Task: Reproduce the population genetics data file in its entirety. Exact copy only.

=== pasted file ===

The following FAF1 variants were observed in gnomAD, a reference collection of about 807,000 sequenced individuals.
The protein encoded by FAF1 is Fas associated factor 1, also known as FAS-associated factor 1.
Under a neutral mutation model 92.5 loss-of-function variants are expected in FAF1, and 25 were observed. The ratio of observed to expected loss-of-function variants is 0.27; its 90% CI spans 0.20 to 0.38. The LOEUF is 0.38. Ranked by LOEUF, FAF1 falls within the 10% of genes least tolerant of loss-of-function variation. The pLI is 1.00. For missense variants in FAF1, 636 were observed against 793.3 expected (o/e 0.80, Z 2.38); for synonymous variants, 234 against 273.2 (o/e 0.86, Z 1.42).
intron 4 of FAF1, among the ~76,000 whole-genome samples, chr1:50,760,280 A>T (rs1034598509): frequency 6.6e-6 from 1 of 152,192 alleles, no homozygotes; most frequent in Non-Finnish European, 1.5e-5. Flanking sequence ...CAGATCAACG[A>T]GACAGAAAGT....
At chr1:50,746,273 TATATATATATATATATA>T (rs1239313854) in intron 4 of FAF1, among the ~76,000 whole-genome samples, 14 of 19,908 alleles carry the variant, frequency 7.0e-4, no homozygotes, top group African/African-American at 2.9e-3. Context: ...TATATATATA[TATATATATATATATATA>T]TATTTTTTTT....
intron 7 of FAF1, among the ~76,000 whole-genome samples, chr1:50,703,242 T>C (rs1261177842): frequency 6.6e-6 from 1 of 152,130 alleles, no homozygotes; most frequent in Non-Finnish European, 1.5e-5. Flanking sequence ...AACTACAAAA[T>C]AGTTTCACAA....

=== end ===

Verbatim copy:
The following FAF1 variants were observed in gnomAD, a reference collection of about 807,000 sequenced individuals.
The protein encoded by FAF1 is Fas associated factor 1, also known as FAS-associated factor 1.
Under a neutral mutation model 92.5 loss-of-function variants are expected in FAF1, and 25 were observed. The ratio of observed to expected loss-of-function variants is 0.27; its 90% CI spans 0.20 to 0.38. The LOEUF is 0.38. Ranked by LOEUF, FAF1 falls within the 10% of genes least tolerant of loss-of-function variation. The pLI is 1.00. For missense variants in FAF1, 636 were observed against 793.3 expected (o/e 0.80, Z 2.38); for synonymous variants, 234 against 273.2 (o/e 0.86, Z 1.42).
intron 4 of FAF1, among the ~76,000 whole-genome samples, chr1:50,760,280 A>T (rs1034598509): frequency 6.6e-6 from 1 of 152,192 alleles, no homozygotes; most frequent in Non-Finnish European, 1.5e-5. Flanking sequence ...CAGATCAACG[A>T]GACAGAAAGT....
At chr1:50,746,273 TATATATATATATATATA>T (rs1239313854) in intron 4 of FAF1, among the ~76,000 whole-genome samples, 14 of 19,908 alleles carry the variant, frequency 7.0e-4, no homozygotes, top group African/African-American at 2.9e-3. Context: ...TATATATATA[TATATATATATATATATA>T]TATTTTTTTT....
intron 7 of FAF1, among the ~76,000 whole-genome samples, chr1:50,703,242 T>C (rs1261177842): frequency 6.6e-6 from 1 of 152,130 alleles, no homozygotes; most frequent in Non-Finnish European, 1.5e-5. Flanking sequence ...AACTACAAAA[T>C]AGTTTCACAA....